MEMA cautions Mississippians to prepare for dangerous temps - MSNewsNow.com - Jackson, MS

MEMA cautions Mississippians to prepare for dangerous temps

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MEMA is asking Mississippians to prepare for dangerous cold winds and chills Thursday night.

The Mississippi Emergency Management Agency issued a press release urging residents to prepare for dangerously cold wind chills Thursday night. The National Weather Service forecast calls for low temperatures in the teens with winds chills in the single digits for most of Mississippi Thursday night through Friday morning. 

There is also the possibility of light snow/flurries in the central and western part of the state with the chance for up to a half inch of accumulation on grassy areas in the southwest corner.

Residents should prepare for the possibility of problems with pipes that are not fully insulated or at risk to burst, and some threat for exposure and hypothermia for those who do not have proper warm clothing.

"This is some of the coldest air we've seen this year and some of the areas in our state that will see the coldest temperatures do not see these frigid temperatures on a regular basis," said MEMA Director Robert Latham. "Our citizens need to take the proper precautions and please be sure to check on your family, friends and neighbors." 

There are counties across the state opening cold weather shelters for residents in need of a warm place to go.

To find out if one is open in your area, contact your county Emergency Management Agency. For a full list of county Emergency Management Agencies, visit http://www.msema.org/local-ema/, or call 866-519-MEMA (6362).

These are some tips issued by MEMA to keep your home, community, family, vehicles and pets safe:

 Homes:

  • All fuel-burning equipment should be vented to the outside and kept clear
  • Keep fire extinguishers on hand, and make sure everyone in your house knows how to use them. House fires pose an additional risk, as more people turn to alternate heating sources without taking the necessary safety precautions.
  • Disconnect hoses and cover all exterior water faucets. Maintain a slight drip of interior water faucets.
  • If the pipes freeze, remove any insulation or layers of newspapers and wrap pipes in rags. Completely open all faucets and pour hot water over the pipes, starting where they were most exposed to the cold (or where the cold was most likely to penetrate).
  • Learn how to shut off water valves (in case a pipe bursts).
  • Maintain ventilation when using kerosene heaters to avoid build-up of toxic fumes. Refuel kerosene heaters outside and keep them at least three feet from flammable objects.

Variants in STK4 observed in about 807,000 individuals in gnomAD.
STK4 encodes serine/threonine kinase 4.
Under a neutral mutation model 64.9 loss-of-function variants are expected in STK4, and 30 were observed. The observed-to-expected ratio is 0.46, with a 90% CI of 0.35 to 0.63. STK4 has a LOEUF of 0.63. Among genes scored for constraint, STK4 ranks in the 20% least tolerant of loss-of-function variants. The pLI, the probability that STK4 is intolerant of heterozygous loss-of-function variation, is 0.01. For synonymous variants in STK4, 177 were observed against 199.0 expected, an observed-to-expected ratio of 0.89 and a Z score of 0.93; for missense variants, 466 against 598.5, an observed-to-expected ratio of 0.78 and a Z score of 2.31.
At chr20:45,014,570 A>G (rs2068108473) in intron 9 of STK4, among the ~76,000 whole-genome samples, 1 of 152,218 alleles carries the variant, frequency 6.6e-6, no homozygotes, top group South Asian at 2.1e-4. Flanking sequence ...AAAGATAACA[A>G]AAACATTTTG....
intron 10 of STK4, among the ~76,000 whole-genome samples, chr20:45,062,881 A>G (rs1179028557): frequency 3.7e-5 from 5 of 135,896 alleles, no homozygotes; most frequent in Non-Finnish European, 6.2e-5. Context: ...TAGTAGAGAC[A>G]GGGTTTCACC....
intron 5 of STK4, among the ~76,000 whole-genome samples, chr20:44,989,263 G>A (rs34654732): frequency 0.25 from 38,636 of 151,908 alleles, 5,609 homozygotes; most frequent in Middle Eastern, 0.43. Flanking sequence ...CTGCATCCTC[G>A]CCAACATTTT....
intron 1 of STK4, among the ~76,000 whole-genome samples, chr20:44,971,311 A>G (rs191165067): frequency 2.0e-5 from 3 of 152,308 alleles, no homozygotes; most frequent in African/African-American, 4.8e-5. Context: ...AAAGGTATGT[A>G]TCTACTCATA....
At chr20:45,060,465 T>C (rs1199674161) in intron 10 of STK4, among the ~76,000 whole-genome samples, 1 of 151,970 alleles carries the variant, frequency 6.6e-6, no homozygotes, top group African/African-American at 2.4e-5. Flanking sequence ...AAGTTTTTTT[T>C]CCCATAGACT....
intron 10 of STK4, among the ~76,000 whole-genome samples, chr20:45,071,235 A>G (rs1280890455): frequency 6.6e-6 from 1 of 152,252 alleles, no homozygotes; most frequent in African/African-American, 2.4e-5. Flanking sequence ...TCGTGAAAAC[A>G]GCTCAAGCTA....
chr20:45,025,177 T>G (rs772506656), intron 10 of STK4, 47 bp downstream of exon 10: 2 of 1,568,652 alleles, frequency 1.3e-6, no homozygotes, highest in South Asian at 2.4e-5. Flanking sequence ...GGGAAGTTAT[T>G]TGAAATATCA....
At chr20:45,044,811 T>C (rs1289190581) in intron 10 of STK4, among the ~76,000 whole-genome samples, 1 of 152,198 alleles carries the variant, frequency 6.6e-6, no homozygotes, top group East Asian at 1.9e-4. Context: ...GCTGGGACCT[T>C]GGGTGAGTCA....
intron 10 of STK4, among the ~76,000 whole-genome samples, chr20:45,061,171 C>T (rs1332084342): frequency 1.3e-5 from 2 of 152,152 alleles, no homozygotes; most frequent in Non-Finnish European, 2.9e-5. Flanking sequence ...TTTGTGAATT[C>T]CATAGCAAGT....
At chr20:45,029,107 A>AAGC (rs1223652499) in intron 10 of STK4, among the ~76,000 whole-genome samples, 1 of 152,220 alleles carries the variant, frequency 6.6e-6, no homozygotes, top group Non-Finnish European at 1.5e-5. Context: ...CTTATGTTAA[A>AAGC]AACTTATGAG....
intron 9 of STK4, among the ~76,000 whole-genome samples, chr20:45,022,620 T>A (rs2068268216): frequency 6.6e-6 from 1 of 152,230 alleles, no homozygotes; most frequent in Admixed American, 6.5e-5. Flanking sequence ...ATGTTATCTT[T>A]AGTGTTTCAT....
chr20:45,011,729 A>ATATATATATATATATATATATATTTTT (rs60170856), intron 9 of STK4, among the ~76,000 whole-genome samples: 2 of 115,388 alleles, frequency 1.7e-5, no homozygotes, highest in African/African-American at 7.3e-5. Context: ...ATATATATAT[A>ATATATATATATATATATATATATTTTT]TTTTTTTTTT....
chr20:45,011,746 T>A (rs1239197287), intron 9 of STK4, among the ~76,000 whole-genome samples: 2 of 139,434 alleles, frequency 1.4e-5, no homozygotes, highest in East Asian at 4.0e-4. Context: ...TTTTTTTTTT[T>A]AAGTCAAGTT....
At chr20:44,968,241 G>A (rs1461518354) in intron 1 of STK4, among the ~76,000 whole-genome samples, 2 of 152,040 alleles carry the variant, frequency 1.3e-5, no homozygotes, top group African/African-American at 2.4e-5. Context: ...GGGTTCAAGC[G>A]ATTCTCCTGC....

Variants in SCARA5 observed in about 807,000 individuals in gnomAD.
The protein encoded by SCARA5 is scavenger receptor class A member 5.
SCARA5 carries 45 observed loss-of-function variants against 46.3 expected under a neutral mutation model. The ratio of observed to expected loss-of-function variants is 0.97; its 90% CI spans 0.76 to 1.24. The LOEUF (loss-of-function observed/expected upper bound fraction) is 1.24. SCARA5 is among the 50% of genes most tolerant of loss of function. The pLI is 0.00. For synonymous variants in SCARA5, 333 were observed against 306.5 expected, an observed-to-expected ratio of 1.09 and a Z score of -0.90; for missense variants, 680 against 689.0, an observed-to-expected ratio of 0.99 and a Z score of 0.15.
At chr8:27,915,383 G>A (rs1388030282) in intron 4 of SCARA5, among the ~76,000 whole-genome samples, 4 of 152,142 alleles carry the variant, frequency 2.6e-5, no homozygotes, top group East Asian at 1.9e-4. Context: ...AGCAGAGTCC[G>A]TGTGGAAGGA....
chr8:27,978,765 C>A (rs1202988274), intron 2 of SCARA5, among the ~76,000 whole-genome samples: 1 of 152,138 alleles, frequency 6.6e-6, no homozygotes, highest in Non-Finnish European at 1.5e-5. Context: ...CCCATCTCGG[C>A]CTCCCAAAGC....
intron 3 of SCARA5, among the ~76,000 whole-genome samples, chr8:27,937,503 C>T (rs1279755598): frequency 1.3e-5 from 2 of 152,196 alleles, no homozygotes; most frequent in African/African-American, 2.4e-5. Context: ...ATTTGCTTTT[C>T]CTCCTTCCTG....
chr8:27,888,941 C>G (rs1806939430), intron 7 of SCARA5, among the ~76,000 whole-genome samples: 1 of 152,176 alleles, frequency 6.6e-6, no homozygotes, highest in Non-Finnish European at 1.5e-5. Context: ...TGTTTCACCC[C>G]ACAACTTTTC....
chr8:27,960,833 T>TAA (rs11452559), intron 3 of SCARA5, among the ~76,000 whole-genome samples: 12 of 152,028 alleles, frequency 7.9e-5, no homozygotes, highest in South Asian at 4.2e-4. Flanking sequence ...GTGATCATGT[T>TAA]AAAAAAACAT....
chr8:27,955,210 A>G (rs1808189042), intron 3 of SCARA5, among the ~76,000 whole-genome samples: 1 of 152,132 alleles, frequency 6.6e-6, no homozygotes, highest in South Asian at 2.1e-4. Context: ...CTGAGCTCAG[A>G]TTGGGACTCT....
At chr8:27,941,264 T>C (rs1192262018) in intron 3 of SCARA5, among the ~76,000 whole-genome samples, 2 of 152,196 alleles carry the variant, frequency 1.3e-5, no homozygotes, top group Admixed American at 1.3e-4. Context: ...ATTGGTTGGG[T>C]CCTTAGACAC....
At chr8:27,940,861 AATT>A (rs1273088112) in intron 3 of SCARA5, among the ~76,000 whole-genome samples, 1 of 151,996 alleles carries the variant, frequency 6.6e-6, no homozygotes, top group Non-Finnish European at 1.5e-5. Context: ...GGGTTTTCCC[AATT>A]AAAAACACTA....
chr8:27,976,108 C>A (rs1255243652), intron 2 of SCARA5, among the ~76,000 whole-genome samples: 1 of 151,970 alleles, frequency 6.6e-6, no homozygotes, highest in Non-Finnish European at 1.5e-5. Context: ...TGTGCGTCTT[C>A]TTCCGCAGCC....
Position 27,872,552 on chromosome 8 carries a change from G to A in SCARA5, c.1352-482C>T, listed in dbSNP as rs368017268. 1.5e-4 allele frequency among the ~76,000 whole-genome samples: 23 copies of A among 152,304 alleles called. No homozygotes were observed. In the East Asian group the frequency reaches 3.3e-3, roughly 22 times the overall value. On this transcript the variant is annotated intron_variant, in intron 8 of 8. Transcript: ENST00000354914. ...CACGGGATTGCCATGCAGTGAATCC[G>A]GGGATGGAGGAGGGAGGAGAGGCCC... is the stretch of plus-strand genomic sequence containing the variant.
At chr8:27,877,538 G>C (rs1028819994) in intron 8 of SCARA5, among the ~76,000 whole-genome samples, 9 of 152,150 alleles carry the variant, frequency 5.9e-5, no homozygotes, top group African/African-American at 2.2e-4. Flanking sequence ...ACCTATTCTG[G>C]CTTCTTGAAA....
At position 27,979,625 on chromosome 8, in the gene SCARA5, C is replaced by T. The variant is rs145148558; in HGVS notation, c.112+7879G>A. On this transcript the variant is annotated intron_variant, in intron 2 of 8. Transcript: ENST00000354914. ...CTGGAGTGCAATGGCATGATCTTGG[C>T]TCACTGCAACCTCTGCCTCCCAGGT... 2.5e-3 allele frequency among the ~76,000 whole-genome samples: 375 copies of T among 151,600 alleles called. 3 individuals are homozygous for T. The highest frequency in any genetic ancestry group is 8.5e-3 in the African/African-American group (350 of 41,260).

• Conserve fuel, if necessary, by keeping your residence cooler than normal. Temporarily close off heat to some rooms. If you will be going away during cold weather, leave the heat on in your home, set to a temperature no lower than 55ºF.

 Community:

  • Make sure your family and neighbors know the risks, and find ways to communicate with them during the cold temperatures.
  • Keep contact with elderly and at-risk neighbors and relatives. Make sure they have a safe, warm place to stay while the conditions remain cold and hazardous.
  • Ensure community members have a fully-stocked emergency supply kit with items like food, water, medications, flashlights and extra batteries.
  • Identify residents who are: shut-ins, elderly, families with small children, medical-care dependent, non-English speaking, low income and have no transportation.

 Family:

  • Watch for signs of frostbite. These include loss of feeling and white or pale appearance in extremities such as fingers, toes, ear lobes, and the tip of the nose. If symptoms are detected, get medical help immediately.
  • Watch for signs of hypothermia. These include uncontrollable shivering, memory loss, disorientation, incoherence, slurred speech, drowsiness, and apparent exhaustion. If symptoms of hypothermia are detected, get the victim to a warm location, remove wet clothing, warm the center of the body first and give warm, non-alcoholic beverages if the victim is conscious. Get medical help as soon as possible.
  • Wear mittens, which are warmer than gloves.
  • Wear a hat. A hat will prevent loss of body heat.
  • Cover your mouth with a scarf to protect your lungs.
  • If you must go outside, wear several layers of loose-fitting, lightweight, warm clothing rather than one layer of heavy clothing. The outer garments should be tightly woven and water repellent.

 Vehicles:

  • If traveling, let someone know your destination, your route and when you expect to arrive. If your car gets stuck along the way, help can be sent along your predetermined route Antifreeze levels: ensure they are sufficient to avoid freezing.
  • Battery and ignition system: should be in top condition and battery terminals should be clean.
  • Brakes: check for wear and fluid levels.
  • Heater and defroster: ensure they are working properly.
  • Lights and flashing hazard lights: ensure they are working properly.
  • Gas tank: Maintain at least a half tank of gas during the winter season.

 Pets:

  • Bring pets/companion animals inside during freezing weather. Move other animals or livestock to sheltered areas with non-frozen drinking water.
  • Warm vehicle engines attract outdoor animals and pets. To avoid injury to hidden animals, hit on your vehicle's hood before starting your engine.
  • Antifreeze attracts animals and pets with its sweet taste and smell, but is deadly to animals and pets. Wipe up any antifreeze spills, and store antifreeze in a safe place.

The public is encouraged to follow updates from MEMA on Twitter, Facebook and at www.msema.org. You can also download MEMA's free mobile phone app for Android or iPhone devices. 

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